• Try breathing in through your nose and out through your mouth.
  • Breathe in gently and regularly. Some people find it helpful to count steadily from 1 to 5. You may not be able to reach 5 at first.
  • Then, without pausing or holding your breath, let it flow out gently, counting from 1 to 5 again, if you find this helpful.
  • Keep doing this for 3 to 5 minutes.

How to be more mindful

Reminding yourself to take notice of your thoughts, feelings, body sensations and the world around you is the first step to mindfulness.7

Notice the everyday

"Even as we go about our daily lives, we can notice the sensations of things, the food we eat, the air moving past the body as we walk," says Professor Williams. "All this may sound very small, but it has huge power to interrupt the 'autopilot' mode we often engage day to day, and to give us new perspectives on life."7

Keep it regular

It can be helpful to pick a regular time – the morning journey to work or a walk at lunchtime – during which you decide to be aware of the sensations created by the world around you.7

Try something new

Trying new things, such as sitting in a different seat in meetings or going somewhere new for lunch, can also help you notice the world in a new way.7

Watch your thoughts

"Some people find it very difficult to practice mindfulness. As soon as they stop what they're doing, lots of thoughts and worries crowd in," says Professor Williams,It might be useful to remember that mindfulness isn't about making these thoughts go away, but rather about seeing them as mental events. Some people find that it is easier to cope with an over-busy mind if they are doing gentle yoga or walking.”7

Name thoughts and feelings

To develop an awareness of thoughts and feelings, some people find it helpful to silently name them: "Here's the thought that I might fail that exam". Or, "This is anxiety".7

Free yourself from the past and future

You can practise mindfulness anywhere, but it can be especially helpful to take a mindful approach if you realise that, for several minutes, you have been "trapped" in reliving past problems or "pre-living" future worries.7

Manage stress

Here are some tips on managing stress, adapted from the NHS website.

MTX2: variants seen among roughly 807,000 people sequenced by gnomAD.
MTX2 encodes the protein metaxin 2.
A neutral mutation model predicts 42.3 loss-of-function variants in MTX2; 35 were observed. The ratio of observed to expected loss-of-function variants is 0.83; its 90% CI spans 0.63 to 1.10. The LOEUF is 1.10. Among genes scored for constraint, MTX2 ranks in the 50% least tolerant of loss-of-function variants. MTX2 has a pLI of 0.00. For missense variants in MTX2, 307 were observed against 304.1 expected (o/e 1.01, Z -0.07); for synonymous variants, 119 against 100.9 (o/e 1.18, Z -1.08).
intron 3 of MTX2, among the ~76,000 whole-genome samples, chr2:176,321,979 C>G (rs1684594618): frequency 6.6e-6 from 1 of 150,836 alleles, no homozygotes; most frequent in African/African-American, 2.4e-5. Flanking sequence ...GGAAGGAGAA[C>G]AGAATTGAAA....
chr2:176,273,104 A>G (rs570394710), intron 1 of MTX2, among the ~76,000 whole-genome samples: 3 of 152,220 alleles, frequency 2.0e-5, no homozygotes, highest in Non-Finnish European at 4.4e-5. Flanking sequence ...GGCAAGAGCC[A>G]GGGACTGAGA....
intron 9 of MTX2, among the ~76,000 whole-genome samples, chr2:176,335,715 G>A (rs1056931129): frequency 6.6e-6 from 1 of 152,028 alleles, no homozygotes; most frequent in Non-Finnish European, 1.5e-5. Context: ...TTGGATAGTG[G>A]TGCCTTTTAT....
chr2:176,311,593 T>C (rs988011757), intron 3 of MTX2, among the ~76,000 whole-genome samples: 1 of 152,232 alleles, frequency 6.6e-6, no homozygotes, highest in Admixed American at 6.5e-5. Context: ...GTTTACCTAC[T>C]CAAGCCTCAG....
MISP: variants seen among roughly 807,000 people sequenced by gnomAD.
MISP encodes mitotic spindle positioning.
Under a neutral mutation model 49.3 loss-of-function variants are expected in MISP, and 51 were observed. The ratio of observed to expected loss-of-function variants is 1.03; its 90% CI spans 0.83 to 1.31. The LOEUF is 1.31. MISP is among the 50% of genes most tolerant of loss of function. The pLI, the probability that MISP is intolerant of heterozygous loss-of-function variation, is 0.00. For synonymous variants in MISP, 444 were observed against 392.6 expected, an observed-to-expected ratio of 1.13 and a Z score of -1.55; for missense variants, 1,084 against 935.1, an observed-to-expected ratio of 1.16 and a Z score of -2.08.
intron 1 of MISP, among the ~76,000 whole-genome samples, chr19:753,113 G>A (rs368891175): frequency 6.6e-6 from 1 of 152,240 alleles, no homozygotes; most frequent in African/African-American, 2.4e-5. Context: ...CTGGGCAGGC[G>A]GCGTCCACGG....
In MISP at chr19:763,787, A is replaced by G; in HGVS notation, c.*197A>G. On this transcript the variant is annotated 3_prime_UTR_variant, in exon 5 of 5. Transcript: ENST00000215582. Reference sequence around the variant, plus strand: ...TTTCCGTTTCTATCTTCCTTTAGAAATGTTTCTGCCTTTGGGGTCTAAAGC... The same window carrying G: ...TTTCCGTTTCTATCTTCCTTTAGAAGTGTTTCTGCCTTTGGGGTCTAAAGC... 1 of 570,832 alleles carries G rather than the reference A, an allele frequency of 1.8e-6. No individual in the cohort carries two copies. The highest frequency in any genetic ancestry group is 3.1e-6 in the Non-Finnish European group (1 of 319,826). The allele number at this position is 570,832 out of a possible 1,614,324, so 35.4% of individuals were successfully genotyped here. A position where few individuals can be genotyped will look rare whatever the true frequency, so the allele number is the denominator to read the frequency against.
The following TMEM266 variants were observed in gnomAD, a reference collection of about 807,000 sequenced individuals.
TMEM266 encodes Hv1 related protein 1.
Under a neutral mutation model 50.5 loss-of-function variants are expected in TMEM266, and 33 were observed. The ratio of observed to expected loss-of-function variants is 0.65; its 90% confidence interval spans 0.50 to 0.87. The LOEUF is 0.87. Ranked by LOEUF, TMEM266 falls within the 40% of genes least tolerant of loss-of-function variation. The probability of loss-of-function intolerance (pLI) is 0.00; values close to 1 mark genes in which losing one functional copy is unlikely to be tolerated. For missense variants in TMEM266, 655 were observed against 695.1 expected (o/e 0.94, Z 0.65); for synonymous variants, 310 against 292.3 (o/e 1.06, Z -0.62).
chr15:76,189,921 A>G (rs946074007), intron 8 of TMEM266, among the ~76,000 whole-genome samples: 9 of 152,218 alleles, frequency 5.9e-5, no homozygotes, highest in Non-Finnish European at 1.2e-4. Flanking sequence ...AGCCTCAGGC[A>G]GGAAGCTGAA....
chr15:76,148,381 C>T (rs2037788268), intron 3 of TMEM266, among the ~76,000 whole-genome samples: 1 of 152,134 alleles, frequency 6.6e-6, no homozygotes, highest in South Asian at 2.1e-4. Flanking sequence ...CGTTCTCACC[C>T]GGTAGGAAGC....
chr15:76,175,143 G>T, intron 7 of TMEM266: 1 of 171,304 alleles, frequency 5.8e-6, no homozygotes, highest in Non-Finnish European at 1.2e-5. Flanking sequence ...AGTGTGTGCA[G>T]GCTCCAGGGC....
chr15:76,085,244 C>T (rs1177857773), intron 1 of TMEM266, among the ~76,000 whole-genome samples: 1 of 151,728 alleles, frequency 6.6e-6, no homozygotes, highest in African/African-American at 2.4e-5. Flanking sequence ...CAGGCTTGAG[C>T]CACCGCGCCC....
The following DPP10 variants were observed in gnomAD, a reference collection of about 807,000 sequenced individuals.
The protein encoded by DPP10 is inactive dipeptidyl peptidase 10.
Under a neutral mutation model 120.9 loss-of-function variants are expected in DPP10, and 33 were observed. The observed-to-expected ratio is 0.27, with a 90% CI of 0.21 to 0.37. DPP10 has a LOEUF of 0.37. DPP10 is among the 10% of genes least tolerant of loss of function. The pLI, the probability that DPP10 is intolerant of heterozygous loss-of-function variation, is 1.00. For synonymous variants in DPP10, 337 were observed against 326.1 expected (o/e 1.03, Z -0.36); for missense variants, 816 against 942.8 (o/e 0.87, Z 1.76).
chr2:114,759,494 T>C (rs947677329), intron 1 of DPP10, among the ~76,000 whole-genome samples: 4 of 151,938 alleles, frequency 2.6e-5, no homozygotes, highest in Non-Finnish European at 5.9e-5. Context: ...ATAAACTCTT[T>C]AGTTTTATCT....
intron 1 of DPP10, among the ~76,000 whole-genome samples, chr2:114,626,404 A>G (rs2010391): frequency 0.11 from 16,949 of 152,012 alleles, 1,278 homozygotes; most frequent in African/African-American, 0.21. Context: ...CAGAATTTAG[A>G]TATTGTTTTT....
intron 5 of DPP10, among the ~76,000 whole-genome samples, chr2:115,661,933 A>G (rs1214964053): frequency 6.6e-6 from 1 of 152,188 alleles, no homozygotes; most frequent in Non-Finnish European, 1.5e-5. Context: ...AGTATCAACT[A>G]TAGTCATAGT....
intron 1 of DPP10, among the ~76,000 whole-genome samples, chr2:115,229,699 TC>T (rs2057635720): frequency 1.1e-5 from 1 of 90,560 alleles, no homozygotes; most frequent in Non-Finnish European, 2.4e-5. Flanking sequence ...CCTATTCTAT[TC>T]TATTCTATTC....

Be active

Exercise won't make your stress disappear, but it will reduce some of the emotional intensity that you're feeling, clearing your thoughts and letting you deal with your problems more calmly.

For more advice, read how being active helps mental wellbeing.

Take control

There's a solution to any problem. "If you remain passive, thinking, 'I can't do anything about my problem', your stress will get worse," says Professor Cooper.

"That feeling of loss of control is one of the main causes of stress and lack of wellbeing."

The act of taking control is in itself empowering, and it's a crucial part of finding a solution that satisfies you and not someone else.

Connect with people

A good support network can ease your troubles and help you see things in a different way.

"If you don't connect with people, you won't have support to turn to when you need help," says Professor Cooper.

The activities we do with friends help us relax. We often have a good laugh with them, which is an excellent stress reliever.

"Talking things through with a friend will also help you find solutions to your problems," says Professor Cooper.

And remember that the Linked-In team are always here to support you too. 

Have some 'me time'

"We all need to take some time for socialising, relaxation or exercise," says Professor Cooper.

He recommends setting aside a couple of nights a week for some quality "me time". 

Challenge yourself

Setting yourself goals and challenges, such as learning a new language or a new sport, helps build confidence. This will help you deal with stress.

"By continuing to learn, you become more emotionally resilient as a person," says Professor Cooper.

"It arms you with knowledge and makes you want to do things rather than be passive, such as watching TV all the time."

Avoid unhealthy habits

Don't rely on alcohol, smoking and caffeine as your ways of coping.

"Men more than women are likely to do this. We call this avoidance behaviour," says Professor Cooper. "Women are better at seeking support from their social circle."

In the long term, these crutches won't solve your problems. They'll just create new ones.

"It's like putting your head in the sand," says Professor Cooper. "It might provide temporary relief, but it won't make the problems disappear. You need to tackle the cause of your stress."

Help other people

Professor Cooper says evidence shows that people who help others, through activities such as volunteering or community work, become more resilient.

"Helping people who are often in situations worse than yours will help you put your problems into perspective," says Professor Cooper. "The more you give, the more resilient and happy you feel."

If you don't have time to volunteer, try to do someone a favour every day.

Work smarter, not harder

"Leave the least important tasks to last and accept that you will always have things to do at the end of every day.

Try to be positive

Look for the positives in life, and things for which you're grateful.

Try writing down 3 things that went well, or for which you're grateful, at the end of every day.

Accept the things you can't change

Changing a difficult situation isn't always possible. Try to concentrate on the things you do have control over.

Share this page